Something has surely going wrong at the macro societal level or I guess Bernays was so right when he said "The public has its own standards and demands and habits. You may modify them but you dare not run counter to them." This is what we demand as news today, don't we?

Saturday, March 14, 2009

Customer satisfaction: Is that what we should measure? Really?

While discussing with some of my MBA students the issue of customer satisfaction measurement (especially customer satisfaction surveys) cropped up. Over these years, when talking to managers about market research the issue of satisfaction measurement, customer satisfaction survey and employee satisfaction survey are among the top five issues. However, I always ask the question as to is that what we should measure? Is satisfaction really a reliable indicator of (a) future customer purchase intentions and (b) loyalty among other things?

Last week I was talking to a senior executive from a credit card company about one of the research study we have just conducted focusing on role of satisfaction in financial services industry. Instead of revealing the results to the executive I asked him about what was his view on the role of satisfaction of existing customers on generating positive word of mouth which in turn may convert in higher number of credit card applications online as well as offline. The executive suggested that satisfied customers would be highly inclined to suggest others. This led me to ask another question as to what was the role of product related characteristics (APR, Speed of transaction, Acceptability etc.) and information related characteristics (Availability of information from the market, consistency of information etc.). The executive suggested that there would be balanced impact of both the factors.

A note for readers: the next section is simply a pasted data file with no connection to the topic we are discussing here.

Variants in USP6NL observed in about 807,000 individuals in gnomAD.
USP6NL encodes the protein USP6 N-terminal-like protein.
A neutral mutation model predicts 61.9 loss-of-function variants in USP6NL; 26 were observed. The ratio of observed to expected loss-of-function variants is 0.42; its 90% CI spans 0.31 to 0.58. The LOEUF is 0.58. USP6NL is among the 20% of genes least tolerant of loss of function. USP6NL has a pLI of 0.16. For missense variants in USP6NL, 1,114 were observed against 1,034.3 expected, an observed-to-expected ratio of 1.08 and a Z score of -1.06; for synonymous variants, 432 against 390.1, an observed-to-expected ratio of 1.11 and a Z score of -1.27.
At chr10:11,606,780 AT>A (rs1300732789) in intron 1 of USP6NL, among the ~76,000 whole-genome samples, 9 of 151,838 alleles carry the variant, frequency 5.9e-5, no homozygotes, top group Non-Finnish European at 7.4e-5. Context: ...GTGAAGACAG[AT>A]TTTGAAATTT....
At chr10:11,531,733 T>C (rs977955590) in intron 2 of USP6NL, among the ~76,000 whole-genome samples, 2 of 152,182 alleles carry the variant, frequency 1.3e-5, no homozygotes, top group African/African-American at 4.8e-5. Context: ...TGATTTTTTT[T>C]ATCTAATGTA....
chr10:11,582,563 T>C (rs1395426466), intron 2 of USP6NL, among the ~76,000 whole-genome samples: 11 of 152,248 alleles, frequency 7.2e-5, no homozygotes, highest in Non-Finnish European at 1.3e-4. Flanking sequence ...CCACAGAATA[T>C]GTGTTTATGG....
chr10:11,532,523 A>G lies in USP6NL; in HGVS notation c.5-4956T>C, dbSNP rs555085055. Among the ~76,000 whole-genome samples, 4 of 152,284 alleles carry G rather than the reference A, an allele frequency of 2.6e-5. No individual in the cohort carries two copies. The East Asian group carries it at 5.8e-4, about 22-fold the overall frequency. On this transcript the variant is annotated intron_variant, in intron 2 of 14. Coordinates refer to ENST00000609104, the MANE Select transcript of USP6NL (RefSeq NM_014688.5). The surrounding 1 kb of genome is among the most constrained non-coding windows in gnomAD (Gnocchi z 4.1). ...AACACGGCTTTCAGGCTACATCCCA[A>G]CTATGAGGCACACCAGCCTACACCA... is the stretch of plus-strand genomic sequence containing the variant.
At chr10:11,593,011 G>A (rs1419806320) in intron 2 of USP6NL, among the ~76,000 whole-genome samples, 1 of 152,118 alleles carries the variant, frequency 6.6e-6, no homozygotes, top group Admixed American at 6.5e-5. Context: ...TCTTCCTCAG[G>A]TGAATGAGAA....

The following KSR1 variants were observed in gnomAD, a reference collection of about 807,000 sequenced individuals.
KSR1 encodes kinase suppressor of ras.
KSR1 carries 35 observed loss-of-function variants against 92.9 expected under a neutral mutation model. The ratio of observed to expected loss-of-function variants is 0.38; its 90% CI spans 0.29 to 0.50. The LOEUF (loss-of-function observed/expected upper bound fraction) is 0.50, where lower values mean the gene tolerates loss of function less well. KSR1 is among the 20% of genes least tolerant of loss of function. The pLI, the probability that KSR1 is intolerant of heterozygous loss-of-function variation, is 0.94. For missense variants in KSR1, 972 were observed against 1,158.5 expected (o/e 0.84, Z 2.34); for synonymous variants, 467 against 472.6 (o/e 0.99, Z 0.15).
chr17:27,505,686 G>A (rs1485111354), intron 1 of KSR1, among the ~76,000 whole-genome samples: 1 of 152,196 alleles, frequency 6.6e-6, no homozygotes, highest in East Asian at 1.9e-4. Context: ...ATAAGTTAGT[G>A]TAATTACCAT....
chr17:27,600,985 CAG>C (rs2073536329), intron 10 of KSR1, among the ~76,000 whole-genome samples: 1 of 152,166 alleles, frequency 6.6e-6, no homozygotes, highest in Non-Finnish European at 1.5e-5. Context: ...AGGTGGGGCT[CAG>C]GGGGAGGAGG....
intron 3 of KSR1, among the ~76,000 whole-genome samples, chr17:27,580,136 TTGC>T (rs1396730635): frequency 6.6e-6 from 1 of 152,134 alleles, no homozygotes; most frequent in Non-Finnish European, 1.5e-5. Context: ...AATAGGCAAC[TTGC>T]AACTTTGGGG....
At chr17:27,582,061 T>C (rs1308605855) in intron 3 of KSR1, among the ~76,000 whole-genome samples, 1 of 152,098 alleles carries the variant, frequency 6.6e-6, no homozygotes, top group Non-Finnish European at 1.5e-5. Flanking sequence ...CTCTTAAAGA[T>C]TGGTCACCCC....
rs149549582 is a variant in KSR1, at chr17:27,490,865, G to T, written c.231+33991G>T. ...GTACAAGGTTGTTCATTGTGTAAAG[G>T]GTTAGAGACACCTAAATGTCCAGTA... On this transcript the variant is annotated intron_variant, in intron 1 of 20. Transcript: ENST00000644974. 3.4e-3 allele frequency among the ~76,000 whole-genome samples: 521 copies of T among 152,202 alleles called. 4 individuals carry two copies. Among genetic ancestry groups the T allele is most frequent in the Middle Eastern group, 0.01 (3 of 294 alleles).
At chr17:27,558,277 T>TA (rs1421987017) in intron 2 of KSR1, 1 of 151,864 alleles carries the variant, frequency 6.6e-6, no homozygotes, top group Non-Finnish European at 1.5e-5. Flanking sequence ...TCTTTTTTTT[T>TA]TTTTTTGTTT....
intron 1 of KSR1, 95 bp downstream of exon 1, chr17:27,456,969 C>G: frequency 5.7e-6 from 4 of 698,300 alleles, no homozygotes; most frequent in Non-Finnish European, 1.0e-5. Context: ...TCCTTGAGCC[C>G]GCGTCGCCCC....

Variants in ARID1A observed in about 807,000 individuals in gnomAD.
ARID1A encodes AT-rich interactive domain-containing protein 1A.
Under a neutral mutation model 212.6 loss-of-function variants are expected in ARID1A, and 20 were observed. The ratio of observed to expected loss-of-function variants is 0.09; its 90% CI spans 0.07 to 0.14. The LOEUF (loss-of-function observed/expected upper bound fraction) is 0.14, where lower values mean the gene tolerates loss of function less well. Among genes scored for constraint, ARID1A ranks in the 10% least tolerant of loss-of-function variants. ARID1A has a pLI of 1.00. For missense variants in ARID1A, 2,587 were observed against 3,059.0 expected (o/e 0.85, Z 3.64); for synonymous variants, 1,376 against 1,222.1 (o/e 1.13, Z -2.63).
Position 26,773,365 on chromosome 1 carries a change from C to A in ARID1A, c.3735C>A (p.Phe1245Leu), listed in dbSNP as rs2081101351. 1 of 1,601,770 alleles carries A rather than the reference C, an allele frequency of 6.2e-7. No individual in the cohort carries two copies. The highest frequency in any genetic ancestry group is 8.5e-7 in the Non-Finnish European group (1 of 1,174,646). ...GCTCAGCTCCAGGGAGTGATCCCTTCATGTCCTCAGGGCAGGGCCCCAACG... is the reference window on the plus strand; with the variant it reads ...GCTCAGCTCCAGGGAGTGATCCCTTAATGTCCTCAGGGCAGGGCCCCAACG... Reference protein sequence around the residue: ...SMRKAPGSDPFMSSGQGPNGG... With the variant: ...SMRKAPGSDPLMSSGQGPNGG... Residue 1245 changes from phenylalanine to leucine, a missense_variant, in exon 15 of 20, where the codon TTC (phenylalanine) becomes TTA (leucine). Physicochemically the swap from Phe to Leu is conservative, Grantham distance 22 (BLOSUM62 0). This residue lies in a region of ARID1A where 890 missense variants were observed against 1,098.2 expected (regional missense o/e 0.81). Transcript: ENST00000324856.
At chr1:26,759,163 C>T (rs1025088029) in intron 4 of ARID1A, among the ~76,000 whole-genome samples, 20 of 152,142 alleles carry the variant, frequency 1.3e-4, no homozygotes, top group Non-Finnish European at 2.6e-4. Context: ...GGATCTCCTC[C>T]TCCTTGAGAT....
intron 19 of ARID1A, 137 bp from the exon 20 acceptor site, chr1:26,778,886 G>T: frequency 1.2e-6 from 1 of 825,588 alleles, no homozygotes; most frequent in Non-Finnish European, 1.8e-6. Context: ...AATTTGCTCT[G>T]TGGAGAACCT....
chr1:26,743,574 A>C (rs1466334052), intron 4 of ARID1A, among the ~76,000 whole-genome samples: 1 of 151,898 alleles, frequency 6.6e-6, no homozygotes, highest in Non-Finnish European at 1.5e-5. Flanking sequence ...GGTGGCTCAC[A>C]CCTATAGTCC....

The idea was not to test the person but to see if the managers' understanding of market factors matched with customers when looked through the satisfaction perspective. In one of the earlier posts about customers, I mentioned there was hardly any difference between the behaviour of satisfied and dissatisfied customers. A recent study carried out by us which had a sample of 340 customers revealed that there was hardly any difference between the satisfied and dissatisfied customers with regard to influencing future customer purchase intentions. Furthermore, we observed stronger influence of information related characteristics rather than product characteristics. This I believe is because of the nearly me-too nature of the product related characteristics in this market.

There have been two camps in literature with regard to the impact of satisfaction on purchase intentions and loyalty. While many researchers have observed the significant positive impact of satisfaction on purchase intentions and loyalty, others have argued against it. In two of my studies I have found two different results. This leads me to suggest that consequences of satisfaction (i.e. purchase intentions and loyalty) are highly situation and industry specific. A rich area of research indeed!